Yield losses to yellow rust can be prevented using a
combination of varietal resistance
and fungicides. This publication includes information about varietal diversification schemes and results from the UK Cereal Pathogen Virulence Survey (UKCPVS).
Verticillium wilt was found in an average of 16% of crops in harvest years 2009–2011. It was most prevalent in eastern England. This publication provides an overview of the disease and management options.
Septoria tritici is the most important wheat disease in the UK. Azole fungicides are currently the primary control method and anti-resistance strategies need to be applied to preserve and extend the useful life of these active ingredients.
Take-all is a serious soil-borne disease of cereals. It is estimated that half of UK wheat crops are affected and that they suffer average yield losses of 5 to 20%. This publication provides an overview of the disease and management options.
Wheat blossom midge larvae feed on the developing seeds, causing small, shrivelled grains with poor germination. Damage to the outer layer of the grain allows water to enter, resulting in sprouting in the ear and fungal attack.
Weed control in oats is difficult because there is a limited range of herbicides available. In organic oats, there are three key methods of management: control during the ley phase of the rotation, stale seedbeds and mechanical weeding in the crop.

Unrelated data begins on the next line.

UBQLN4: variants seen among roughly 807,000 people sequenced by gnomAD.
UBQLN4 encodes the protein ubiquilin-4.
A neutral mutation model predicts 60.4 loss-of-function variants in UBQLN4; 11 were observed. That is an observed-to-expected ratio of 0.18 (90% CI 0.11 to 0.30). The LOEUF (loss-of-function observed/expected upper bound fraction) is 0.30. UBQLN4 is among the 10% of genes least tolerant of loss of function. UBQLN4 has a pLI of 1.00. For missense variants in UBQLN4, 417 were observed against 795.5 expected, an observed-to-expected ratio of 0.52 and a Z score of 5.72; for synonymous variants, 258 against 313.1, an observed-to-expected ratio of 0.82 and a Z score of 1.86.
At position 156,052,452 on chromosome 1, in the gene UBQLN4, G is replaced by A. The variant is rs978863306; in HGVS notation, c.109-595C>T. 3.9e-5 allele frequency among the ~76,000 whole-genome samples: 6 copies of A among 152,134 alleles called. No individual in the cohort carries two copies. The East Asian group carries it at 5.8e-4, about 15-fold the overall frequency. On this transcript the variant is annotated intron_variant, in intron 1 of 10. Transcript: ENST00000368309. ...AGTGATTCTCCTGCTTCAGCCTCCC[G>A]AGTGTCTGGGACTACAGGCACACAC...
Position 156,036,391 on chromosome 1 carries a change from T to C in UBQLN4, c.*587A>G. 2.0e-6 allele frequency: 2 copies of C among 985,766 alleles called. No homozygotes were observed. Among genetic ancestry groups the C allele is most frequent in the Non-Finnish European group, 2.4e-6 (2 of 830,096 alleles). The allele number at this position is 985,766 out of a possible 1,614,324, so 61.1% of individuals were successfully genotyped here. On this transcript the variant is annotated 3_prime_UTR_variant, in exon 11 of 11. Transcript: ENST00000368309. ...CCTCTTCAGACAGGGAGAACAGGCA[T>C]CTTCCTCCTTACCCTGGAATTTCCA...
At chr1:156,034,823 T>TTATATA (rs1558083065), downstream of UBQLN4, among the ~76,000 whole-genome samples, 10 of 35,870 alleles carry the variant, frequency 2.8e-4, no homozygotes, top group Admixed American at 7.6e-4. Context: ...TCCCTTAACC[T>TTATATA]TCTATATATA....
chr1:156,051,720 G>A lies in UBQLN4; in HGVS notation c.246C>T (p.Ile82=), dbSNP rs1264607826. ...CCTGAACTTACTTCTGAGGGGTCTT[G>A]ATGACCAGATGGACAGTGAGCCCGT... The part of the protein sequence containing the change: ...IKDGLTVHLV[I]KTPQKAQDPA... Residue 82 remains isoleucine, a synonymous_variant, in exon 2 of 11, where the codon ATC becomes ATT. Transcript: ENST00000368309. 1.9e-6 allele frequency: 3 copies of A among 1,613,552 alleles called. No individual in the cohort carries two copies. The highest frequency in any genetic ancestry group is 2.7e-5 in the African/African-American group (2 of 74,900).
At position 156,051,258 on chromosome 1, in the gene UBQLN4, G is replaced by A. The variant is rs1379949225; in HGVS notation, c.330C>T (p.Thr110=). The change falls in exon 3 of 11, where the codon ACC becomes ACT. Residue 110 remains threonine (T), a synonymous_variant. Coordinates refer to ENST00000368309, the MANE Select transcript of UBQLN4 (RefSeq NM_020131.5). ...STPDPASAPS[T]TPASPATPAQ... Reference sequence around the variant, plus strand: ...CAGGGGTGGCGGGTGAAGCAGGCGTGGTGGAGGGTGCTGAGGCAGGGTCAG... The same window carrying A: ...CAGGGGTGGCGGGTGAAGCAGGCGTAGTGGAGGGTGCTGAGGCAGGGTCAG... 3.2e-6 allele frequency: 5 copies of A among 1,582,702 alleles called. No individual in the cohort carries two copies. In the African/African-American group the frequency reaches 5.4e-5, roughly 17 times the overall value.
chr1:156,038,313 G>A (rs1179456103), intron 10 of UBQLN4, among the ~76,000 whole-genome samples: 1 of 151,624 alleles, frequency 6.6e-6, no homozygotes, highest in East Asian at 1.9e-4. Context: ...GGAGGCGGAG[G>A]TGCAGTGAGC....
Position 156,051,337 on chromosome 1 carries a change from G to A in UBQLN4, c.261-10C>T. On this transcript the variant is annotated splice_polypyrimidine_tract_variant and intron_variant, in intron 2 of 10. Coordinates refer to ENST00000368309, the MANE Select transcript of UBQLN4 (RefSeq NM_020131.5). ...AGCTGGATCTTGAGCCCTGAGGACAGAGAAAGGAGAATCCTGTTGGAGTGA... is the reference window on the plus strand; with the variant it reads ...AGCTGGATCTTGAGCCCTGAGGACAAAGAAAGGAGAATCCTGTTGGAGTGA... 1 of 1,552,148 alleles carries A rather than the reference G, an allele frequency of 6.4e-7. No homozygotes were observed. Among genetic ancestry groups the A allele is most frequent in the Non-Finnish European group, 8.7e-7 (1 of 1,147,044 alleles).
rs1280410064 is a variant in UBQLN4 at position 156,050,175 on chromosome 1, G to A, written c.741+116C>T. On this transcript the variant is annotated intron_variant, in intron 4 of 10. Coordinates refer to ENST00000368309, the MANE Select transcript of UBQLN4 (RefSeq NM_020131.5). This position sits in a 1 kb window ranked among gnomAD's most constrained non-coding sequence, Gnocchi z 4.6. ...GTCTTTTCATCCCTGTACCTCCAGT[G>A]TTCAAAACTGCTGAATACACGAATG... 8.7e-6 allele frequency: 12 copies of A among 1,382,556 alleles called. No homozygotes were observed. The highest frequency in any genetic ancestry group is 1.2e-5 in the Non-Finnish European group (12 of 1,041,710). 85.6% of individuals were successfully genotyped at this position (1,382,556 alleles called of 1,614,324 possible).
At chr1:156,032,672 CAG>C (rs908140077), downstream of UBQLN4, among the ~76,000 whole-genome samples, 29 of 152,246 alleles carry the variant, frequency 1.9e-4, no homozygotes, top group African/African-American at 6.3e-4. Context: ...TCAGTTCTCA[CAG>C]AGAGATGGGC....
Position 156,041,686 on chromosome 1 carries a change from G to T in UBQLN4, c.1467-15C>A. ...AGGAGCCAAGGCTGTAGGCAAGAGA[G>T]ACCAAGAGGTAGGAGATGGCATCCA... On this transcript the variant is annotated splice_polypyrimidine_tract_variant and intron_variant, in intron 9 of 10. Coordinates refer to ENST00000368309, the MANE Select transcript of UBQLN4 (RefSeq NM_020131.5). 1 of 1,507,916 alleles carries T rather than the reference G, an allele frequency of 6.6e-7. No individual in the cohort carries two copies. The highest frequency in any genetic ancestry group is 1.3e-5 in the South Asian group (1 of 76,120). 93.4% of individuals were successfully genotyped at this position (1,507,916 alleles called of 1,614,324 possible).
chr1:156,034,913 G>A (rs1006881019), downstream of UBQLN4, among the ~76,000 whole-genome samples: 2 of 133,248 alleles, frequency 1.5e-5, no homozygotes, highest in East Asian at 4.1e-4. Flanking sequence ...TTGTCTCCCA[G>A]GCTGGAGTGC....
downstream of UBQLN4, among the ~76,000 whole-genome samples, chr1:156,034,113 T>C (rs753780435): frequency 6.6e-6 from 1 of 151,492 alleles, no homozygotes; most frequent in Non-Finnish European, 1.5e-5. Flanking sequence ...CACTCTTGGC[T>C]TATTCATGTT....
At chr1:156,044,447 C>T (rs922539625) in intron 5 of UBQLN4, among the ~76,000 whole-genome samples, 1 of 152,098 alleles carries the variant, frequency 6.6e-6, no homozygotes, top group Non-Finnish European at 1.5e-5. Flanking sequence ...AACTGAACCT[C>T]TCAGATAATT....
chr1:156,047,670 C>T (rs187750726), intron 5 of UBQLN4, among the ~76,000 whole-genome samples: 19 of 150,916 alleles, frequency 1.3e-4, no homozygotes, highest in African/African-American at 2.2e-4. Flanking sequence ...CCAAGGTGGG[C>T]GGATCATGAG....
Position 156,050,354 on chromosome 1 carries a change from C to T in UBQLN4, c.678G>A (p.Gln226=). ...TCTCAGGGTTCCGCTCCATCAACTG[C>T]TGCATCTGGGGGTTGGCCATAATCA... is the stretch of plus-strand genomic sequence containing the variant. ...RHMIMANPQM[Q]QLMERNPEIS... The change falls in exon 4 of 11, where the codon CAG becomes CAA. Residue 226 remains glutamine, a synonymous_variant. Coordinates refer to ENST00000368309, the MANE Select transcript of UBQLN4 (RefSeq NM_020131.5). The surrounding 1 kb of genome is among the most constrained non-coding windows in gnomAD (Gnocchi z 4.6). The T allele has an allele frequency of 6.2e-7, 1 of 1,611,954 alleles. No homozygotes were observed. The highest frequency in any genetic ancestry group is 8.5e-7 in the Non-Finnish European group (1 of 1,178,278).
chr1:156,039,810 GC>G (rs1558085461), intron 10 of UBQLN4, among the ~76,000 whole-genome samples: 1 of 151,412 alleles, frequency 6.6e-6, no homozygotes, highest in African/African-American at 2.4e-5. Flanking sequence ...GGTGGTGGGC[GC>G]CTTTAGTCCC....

This publication includes information on the availability of sulphur (S) from manures and biosolids, the importance of correct fertilisation to achieve quality and diagnosing and treating S deficiency.
This publication provides a concise overview of the use of micronutrients in cereals and oilseed rape crops, with sections on availability in UK soils, visual symptoms, factors affecting deficiencies, and analysis and treatment methods.
Cereal straw - use, incorporate or sell? The 1993 ban on burning straw led to a considerable increase in the area of cereal straw which is baled. In recent years, over 60% of wheat and more than 90% of barley straw is estimated to have been baled.
No-till means sowing directly into the residues of the previous crop without any prior topsoil loosening. The objective is to reduce production costs while maintaining or increasing yields with possible added environmental benefits.